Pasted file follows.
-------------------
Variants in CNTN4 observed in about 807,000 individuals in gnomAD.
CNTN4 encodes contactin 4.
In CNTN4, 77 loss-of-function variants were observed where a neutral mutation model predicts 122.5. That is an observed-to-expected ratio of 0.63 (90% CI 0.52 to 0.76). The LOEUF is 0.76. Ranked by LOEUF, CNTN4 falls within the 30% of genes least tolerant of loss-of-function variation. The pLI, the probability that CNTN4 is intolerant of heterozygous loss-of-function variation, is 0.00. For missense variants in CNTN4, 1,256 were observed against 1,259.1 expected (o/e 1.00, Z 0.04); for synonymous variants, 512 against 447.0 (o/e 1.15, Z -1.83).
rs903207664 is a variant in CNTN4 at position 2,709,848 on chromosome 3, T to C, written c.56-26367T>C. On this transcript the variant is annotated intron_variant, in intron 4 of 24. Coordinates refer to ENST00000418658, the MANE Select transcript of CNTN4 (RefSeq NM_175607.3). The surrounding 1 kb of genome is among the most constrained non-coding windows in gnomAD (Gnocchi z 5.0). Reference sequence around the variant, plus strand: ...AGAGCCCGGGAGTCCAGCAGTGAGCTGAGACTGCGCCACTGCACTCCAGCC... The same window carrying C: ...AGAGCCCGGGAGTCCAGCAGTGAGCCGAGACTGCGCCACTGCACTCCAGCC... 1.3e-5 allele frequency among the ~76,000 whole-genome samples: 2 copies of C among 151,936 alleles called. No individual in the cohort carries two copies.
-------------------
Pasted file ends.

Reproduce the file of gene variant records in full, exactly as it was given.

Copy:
Variants in CNTN4 observed in about 807,000 individuals in gnomAD.
CNTN4 encodes contactin 4.
In CNTN4, 77 loss-of-function variants were observed where a neutral mutation model predicts 122.5. That is an observed-to-expected ratio of 0.63 (90% CI 0.52 to 0.76). The LOEUF is 0.76. Ranked by LOEUF, CNTN4 falls within the 30% of genes least tolerant of loss-of-function variation. The pLI, the probability that CNTN4 is intolerant of heterozygous loss-of-function variation, is 0.00. For missense variants in CNTN4, 1,256 were observed against 1,259.1 expected (o/e 1.00, Z 0.04); for synonymous variants, 512 against 447.0 (o/e 1.15, Z -1.83).
rs903207664 is a variant in CNTN4 at position 2,709,848 on chromosome 3, T to C, written c.56-26367T>C. On this transcript the variant is annotated intron_variant, in intron 4 of 24. Coordinates refer to ENST00000418658, the MANE Select transcript of CNTN4 (RefSeq NM_175607.3). The surrounding 1 kb of genome is among the most constrained non-coding windows in gnomAD (Gnocchi z 5.0). Reference sequence around the variant, plus strand: ...AGAGCCCGGGAGTCCAGCAGTGAGCTGAGACTGCGCCACTGCACTCCAGCC... The same window carrying C: ...AGAGCCCGGGAGTCCAGCAGTGAGCCGAGACTGCGCCACTGCACTCCAGCC... 1.3e-5 allele frequency among the ~76,000 whole-genome samples: 2 copies of C among 151,936 alleles called. No individual in the cohort carries two copies.